Robert M. La Follette School of Public Affairs

News: Health

Friday, September 9, 2011

DeLeire to discuss public health coverage

Public health coverage is the topic of a La Follette School seminar on Tuesday, Sept. 13, at 12:30 p.m. in 8417 Sewell Social Sciences.

The shrinking world draws Hilary "H.J." Waukau to international public affairs. "The world is becoming increasingly connected in a way never seen before," he says. "The unprecedented level of exchange across borders, not only in trade, commerce and communication, but also in ideology and culture puts a premium on all of us to think about how our actions affect communities around the world."

Liz Drilias did not expect to go to prison after she graduated from the La Follette School of Public Affairs.

New research by a La Follette School professor and an alum finds that a small financial incentive coupled with a written reminder prompted people who missed medical tests and screenings for diabetes to get the tests.

Three years in Japan gave Rachel Johnson such intriguing insight into domestic social policy that now she is exploring U.S. domestic policy by earning a Master of Public Affairs degree at the La Follette School.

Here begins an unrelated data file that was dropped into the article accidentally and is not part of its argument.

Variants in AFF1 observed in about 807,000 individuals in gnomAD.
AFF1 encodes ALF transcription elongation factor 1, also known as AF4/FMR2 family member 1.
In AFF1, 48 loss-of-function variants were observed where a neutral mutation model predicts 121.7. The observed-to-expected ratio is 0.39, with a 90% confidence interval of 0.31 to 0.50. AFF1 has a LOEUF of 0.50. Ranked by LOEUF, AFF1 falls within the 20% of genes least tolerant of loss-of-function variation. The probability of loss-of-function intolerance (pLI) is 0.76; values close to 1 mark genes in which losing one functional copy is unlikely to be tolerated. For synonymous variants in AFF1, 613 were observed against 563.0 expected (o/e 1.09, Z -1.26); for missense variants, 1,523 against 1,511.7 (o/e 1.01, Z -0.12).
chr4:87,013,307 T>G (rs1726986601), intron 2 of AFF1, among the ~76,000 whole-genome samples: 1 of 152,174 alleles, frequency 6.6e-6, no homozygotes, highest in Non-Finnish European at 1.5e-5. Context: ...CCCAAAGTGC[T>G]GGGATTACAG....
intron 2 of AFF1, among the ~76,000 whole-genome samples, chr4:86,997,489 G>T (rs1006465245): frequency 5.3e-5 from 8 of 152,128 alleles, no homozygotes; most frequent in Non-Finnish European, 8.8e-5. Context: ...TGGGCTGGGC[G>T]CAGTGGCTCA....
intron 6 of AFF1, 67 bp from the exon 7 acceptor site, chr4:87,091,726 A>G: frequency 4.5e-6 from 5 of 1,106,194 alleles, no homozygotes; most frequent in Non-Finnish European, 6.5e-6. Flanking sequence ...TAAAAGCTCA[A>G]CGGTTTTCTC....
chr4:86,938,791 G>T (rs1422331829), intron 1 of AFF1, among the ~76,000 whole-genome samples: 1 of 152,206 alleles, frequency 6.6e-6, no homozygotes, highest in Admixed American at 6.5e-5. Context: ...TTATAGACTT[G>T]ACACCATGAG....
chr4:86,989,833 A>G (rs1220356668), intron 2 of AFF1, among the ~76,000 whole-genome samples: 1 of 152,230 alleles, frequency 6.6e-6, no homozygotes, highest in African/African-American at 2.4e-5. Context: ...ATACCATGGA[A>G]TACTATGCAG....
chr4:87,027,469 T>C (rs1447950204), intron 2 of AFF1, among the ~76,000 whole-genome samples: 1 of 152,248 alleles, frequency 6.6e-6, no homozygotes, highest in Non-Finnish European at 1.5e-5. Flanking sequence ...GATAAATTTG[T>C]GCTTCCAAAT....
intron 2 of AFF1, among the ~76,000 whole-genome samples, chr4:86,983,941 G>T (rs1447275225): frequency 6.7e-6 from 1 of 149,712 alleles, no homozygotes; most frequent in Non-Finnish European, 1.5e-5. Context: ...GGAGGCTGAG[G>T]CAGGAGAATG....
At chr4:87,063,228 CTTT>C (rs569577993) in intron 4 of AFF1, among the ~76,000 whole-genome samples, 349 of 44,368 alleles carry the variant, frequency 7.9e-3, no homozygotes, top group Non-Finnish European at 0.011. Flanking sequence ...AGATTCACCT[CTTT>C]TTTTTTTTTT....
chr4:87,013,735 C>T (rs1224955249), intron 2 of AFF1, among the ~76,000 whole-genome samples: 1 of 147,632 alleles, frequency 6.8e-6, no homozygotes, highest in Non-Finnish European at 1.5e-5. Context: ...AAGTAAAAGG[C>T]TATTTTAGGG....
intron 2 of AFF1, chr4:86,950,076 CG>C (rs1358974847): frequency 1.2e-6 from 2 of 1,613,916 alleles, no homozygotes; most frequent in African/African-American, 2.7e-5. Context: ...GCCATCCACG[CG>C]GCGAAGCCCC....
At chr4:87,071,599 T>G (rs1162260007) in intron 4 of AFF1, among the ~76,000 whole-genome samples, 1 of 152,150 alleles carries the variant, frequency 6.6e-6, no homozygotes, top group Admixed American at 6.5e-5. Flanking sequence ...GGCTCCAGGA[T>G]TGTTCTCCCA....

Wednesday, June 15, 2011

Wolfe to give Lampman lecture

La Follette School professor Barbara L. Wolfe will explore whether health-care reform can break the link between poverty and poor health when she gives the Robert Lampman Memorial Lecture on Tuesday, June 21, from 4:30-6 p.m. in Grainger Hall.
Thursday, June 2, 2011

Teen fatherhood limits education

Teen fatherhood lowers the odds a young man will graduate from high school but increases his odds of employment or joining the military, a new study co-authored by La Follette School economist Barbara Wolfe finds.
La Follette School faculty have been sharing their insights in the media.
Health systems reform in Latin America is the subject of a seminar on Tuesday, April 26, at noon at the La Follette School.

An in-depth look by La Follette School students at services for frail older adults and people with physical and developmental disabilities is helping the Wisconsin Department of Health Services improve those services and the collection and organization of data.

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